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(CMC) – The London-based Privy Council has ruled as unlawful the fixed annual permit fee of TT$10,000 (One TT dollar=US$0.16 cents) for polluters regardless of the size and volume of contaminated water being released into the environment.
But in its ruling, the Privy Council, which is the country’s final court, noted that “this is clearly not a case where it would be appropriate to quash the regulations, or to declare them invalid”.
The non-government organisation, Fishermen and Friends of the Sea (FFOS) in 2008 mounted the public interest challenge of the government’s interpretation of the Polluter Pays Principle (PPP) of the Water Pollution Fees (Amendment) Regulations of 2001.
FFOS said that these regulations required that all polluters, regardless of their pollution profile, pollution load, sensitivity of the receiving environment, or toxicity level, would be charged the same “flat fee” system for water pollution permits.
FFOS argued that this was inconsistent with the Polluter Pays Principle and it was by extension, unlawful to charge a small animal farmer the same fee as a chemical or petrochemical company.
“This decision illuminates the fact that the Polluter Pays Principle has been a longstanding feature of the National Environmental Policy (NEP) of 2006, and has been consistently adopted and maintained by differing Governments of this country since 1998,” the group said.
The PPP is a basic principle of international and environmental laws, where the costs of pollution and pollution remediation are paid for by those who cause pollution.
In its ruling the Privy Council said that it understands that the remedy sought by the appellants is not to quash the regulations or declaring them invalid, noting “such an order could create great uncertainty as to the status of the permits issued since the Rules were first applied in 2007, and any enforcement action taken in respect of them.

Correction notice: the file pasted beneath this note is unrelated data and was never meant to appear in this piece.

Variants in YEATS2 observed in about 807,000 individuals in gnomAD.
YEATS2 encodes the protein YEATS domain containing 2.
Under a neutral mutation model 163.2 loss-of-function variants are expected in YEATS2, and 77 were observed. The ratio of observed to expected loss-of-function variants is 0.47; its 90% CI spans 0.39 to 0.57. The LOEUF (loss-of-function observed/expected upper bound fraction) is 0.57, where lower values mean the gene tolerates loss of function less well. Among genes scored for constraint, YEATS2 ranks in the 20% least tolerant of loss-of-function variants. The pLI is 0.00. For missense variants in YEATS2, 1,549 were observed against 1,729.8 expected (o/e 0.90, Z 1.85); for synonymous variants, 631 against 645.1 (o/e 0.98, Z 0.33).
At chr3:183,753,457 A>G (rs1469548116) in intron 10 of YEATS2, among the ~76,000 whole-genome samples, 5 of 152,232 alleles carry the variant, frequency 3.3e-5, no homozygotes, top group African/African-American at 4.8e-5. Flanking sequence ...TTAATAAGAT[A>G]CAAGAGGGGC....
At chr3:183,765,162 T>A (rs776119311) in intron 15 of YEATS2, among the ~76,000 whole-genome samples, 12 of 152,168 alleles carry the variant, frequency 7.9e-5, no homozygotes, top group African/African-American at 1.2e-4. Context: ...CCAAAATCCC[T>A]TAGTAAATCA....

“It might even lead to claims for return of the fees already paid,” the Law Lords ruled, noting that in their view “subject to any further representations from the parties, the appropriate order is a simple declaration as to the unlawfulness of the permit fee as prescribed by the 2006 regulations, combined with an order of mandamus directed to the Minister to reconsider on the proper basis the fee to be prescribed and to make amended regulations accordingly.”
The Privy Council said that this is to be done as soon as practicable and in any event within a time to be fixed by the order, noting that subject to any representations, it would be minded to set a limit of three months from the date of this judgment.
“For the avoidance of doubt the order should indicate in terms that it is made without prejudice to the validity of anything previously done or fees collected under the Rules, or to their continuing operation pending the taking effect of amended regulations.
“Again, subject to any representations, the Board (Privy Council) is minded to order that the Minister pay the appellant’s costs,” adding that any representations on the matters should be made within three weeks of the judgment, and a further week allowed for any response.
In a statement, FFOS said the ruling, which overrides the Appeal Court’s 2015 ruling, is the significant step toward accountability regarding environmental laws and regulations.
It said that the Privy Council agreed that there was a lack of consideration by the then planning minister Penelope Beckles in arriving at this standard $10,000 permit fee for all polluters, regardless of the scale of pollution being committed.
FFOS said the ruling now sets a precedent for the interpretation and application of the Polluter Pays Principle moving forward.
It said the decision now requires that the government complies with the Privy Council’s decision and that directions have also been issued for the review and reconsideration of polluter permit fees in accordance with the ruling.